Late July & August is usually the time when most people look to get out of the city. One festival currently taking place in London’s Mile End is one reason why you may want to stick around.
You might remember that we blogged about a winter instalment of the Shuffle Festival in February & next weekend they return for three days of …
Posted by Web Team at 6:34pm
For any photography fans out there or fans of David Lynch, maker of iconic and slightly disturbing films and TV series, we highly recommend the current exhibition of his photography at the Photographers Gallery near our Beak Street store.
We’re pretty sure you will love it.
On until the 30th March. £4.
Posted by Web Team at 3:30pm
If you like photography you’ve most likely heard of (or at least looked at) the work of Andreas Gursky; a large-format photographer, he captures seemingly mundane man-made landscapes – such as the inside of vast supermarkets – architecture and crowds. His images are full of colour, movement and humanity, in all its forms.
But this is not about Gursky. This …
Posted by Alex at 11:13am
Upon returning from a recent trip abroad I read of the death of Eric Lomax and, consequently, learned of his incredible story.
Captured by the Japanese in WWII, Edinburgh-born Lomax was put to work building the Burma-Siam railway in Thailand (made infamous in the film, Bridge Over The River Kwai) and was severely tortured during his incarceration.
Lomax survived …
Posted by Alex at 12:08pm
Romanian born Brancusi was a hugely influential figure in the world of sculpture, but before we even get into that we have to admit that Constantin is one of the major inspirations behind our brand new Funnel Neck Sweater (and, frankly, our Vintage Chino too).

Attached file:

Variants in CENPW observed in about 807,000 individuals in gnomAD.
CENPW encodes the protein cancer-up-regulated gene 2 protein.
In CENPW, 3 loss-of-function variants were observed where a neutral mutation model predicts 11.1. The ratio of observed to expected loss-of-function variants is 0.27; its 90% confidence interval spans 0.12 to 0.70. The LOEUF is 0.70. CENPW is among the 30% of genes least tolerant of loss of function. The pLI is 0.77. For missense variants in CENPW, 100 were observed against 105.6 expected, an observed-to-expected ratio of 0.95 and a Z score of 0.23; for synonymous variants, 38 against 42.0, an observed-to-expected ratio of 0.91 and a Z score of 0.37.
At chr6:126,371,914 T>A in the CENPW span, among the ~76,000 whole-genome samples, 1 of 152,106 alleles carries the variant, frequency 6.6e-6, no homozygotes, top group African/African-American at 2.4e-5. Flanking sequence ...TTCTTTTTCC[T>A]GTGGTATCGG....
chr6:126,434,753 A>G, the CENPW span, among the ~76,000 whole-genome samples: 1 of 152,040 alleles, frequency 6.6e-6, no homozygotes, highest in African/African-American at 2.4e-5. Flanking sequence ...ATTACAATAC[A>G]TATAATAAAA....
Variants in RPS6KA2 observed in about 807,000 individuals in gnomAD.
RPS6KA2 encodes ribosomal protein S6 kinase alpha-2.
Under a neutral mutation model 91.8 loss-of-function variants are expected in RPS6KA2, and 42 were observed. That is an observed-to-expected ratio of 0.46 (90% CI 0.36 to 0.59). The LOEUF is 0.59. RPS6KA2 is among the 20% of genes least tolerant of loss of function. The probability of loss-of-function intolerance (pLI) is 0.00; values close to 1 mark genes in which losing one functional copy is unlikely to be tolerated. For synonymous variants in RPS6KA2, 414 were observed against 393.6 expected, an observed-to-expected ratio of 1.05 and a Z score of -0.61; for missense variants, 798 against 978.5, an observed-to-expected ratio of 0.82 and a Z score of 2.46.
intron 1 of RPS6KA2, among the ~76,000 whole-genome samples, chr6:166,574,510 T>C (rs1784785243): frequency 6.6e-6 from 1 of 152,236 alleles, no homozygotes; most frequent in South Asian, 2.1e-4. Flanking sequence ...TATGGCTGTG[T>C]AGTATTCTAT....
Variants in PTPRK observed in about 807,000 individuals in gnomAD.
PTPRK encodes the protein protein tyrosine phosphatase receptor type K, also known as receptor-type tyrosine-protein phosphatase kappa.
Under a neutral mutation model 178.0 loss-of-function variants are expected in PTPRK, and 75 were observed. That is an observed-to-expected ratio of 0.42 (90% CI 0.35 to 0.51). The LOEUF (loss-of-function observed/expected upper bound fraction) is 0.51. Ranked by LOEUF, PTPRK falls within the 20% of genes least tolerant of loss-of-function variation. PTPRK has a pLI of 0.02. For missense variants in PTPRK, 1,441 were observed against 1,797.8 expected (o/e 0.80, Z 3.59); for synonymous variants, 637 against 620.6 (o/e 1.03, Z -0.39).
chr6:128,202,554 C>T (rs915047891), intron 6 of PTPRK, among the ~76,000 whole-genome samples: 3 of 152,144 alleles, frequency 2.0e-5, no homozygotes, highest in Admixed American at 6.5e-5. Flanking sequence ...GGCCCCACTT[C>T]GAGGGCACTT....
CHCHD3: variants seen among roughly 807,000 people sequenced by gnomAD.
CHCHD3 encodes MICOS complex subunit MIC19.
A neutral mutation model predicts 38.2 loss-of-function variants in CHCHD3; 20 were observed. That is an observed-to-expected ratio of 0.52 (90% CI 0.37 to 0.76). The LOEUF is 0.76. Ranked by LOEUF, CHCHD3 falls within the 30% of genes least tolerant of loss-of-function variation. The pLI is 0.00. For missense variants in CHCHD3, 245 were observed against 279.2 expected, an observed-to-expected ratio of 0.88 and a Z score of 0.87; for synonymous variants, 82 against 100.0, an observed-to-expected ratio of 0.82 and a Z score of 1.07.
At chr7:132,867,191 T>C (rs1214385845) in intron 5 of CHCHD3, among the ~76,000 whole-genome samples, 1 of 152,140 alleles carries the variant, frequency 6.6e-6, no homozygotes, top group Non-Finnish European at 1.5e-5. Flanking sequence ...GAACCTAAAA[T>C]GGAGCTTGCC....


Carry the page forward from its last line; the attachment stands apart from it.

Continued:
Brancusi had such an effortless look, one that seems to exude an easy confidence – …
Posted by Alex at 8:32am
Having had something of an unintentionally existentialist weekend (does that ever happen to anyone else?) I found myself re-reading an old favourite, The Outsider, by Albert Camus, in order to help me out of my torpor.
The book, as ever, is fantastic – all sparse text and profound normality of the everyman. But Camus himself is inspiring. Born into …
Posted by Alex at 10:37am
While giving an interview to the BBC in 2005, Werner Herzog was shot in the stomach by an unknown assailant, with an air rifle. Bruised and bloodied he remarked: “It’s not a significant bullet.”
Such a strange incident seems somehow in-keeping with a film auteur for whom taking “a bold look at one’s environment, even the ugly things,” is central …
Posted by Alex at 2:32pm
2009’s I’m New Here was Gil Scott Heron’s first studio album, for 16 years and it provided me with a first inroad into the ruminations of the famed poet of Harlem.
A champion and herald of the black cultural left, Heron was a man of razor-sharp insight and prodigiously beautiful perception – whether as the Agitprop jazz-scourge of mass consumerism, …
Posted by Alex at 9:51am
Dick Fosbury only competed in one Olympic Games. He won gold in his event, the high jump, achieving what any athlete can hope to achieve in their field. But while for Fosbury’s Olympic career began and ended in Mexico City ’68, his legacy has lasted for over 45 years with no sign of abating.
While not anything like the greatest …
Posted by Alex at 12:08pm
In 1968 Spitz returned from the Olympic swimming pools of Mexico City with precisely no individual medals. He’d failed.
For such an intensely driven athlete, even one aged only 18, it hurt. “Swimming isn’t everything,” Spitz conceded later, “winning is. I’d rather win six out of six, or even four out of four, than six out of seven,” he said. …
Posted by Alex at 12:00pm